First Provincial Growth Fund business loan paid back
Published: Nov 12, 2020 · Updated: Dec 1, 2020
The first Provincial Growth Fund (PGF) loan to a commercial business has been repaid.
The loan to Whangarei based family horticulture business, Maungatapere Berries, was paid back last week to the Provincial Development Unit (PDU) which manages the fund.
The loan repayment is the first of approximately 100 PGF loans and equity investments the PDU has committed to worth around $604.7 million. The PDU also administers around 1170 grants around the country worth approximately $2.24 billion.
In July 2019 Maungatapere Berries received a $2.28 million loan for the first phase of its plan to rapidly expand its high-tech hydroponic berry growing operation throughout Northland.
“The PDU is pleased to see the first of our loans repaid just a little over a year since it was taken out. It shows that our belief and calculated investment in the business has paid off and the public benefits realised,” says Robert Pigou, the head of the Provincial Development Unit.
“The aim of PGF funding is to unlock the potential of our regions and accelerate its economic development. Sometimes this means investing in a commercial business, particularly where we can accelerate an expansion or bring an initiative to fruition.
“We invest in companies that are not only sound businesses but which also provide a public benefit, such as contributing to regional economic growth, creating jobs, undertaking skills development and improving cultural and social indicators. These are not things commercial banks typically look at when considering lending money,” Mr Pigou says.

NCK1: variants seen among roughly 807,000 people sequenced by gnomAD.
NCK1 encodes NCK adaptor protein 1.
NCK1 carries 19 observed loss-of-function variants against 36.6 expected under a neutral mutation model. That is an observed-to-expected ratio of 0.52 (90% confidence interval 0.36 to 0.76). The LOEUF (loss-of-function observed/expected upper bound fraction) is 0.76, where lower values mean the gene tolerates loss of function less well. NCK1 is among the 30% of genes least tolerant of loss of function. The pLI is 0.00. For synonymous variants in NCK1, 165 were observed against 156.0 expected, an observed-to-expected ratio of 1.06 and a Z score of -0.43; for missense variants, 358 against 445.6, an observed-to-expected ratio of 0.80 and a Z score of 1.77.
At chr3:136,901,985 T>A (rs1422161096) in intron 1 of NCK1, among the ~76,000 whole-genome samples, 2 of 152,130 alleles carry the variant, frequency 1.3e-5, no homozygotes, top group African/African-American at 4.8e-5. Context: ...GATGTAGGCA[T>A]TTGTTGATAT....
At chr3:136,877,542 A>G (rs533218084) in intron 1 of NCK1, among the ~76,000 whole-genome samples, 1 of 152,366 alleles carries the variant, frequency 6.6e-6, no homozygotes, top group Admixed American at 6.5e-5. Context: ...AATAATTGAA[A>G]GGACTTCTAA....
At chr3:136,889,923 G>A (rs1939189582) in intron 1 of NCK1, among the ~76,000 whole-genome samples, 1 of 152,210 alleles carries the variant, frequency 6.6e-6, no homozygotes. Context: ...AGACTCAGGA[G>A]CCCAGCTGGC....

The loan allowed Maungatapere Berries to expand their existing high-tech hydroponic berryfruit operation with an additional 4.2 hectares, which now includes high-value raspberries, blueberries and blackberries, with a focus on creating long-term sustainable employment and careers in the horticulture industry in a way that can be replicated in other areas.
“The business was able to employ more staff, with 56 extra full-time locals taken on. During peak picking seasons, which now runs from August to June, up to 180 people are employed which is brilliant news for locals,” says Mr Pigou.
Patrick Malley from Maungatapere Berries says the PGF support allowed his business to employ staff for longer.
“Our business was able to investigate alternative crops which enabled us to provide a reliable 12-months of work to our employees. We were able to train our new people through the development phase and have provided many of our full-time employees with ongoing tertiary training and extensive pastoral care.
“The repayment of our loan to the PGF is a great indicator of how hydroponics can be commercially successful and also deliver increased employment opportunities to the Northland region,” Mr Malley says.
Apart from loan and grants the PDU administers a number of other Government funding allocations. This includes funding from the COVID-19 Response and Recovery Fund (Infrastructure Reference Group), the Strategic Tourism Assets Protection Programme, Regional Investment Opportunities and the COVID-19 Worker Redeployment initiative, as well as Skills and Training programmes: Te Ara Mahi, He Poutama Rangatahi; the Māori Trades and Training Fund and the Sector Workforce Engagement Programme.
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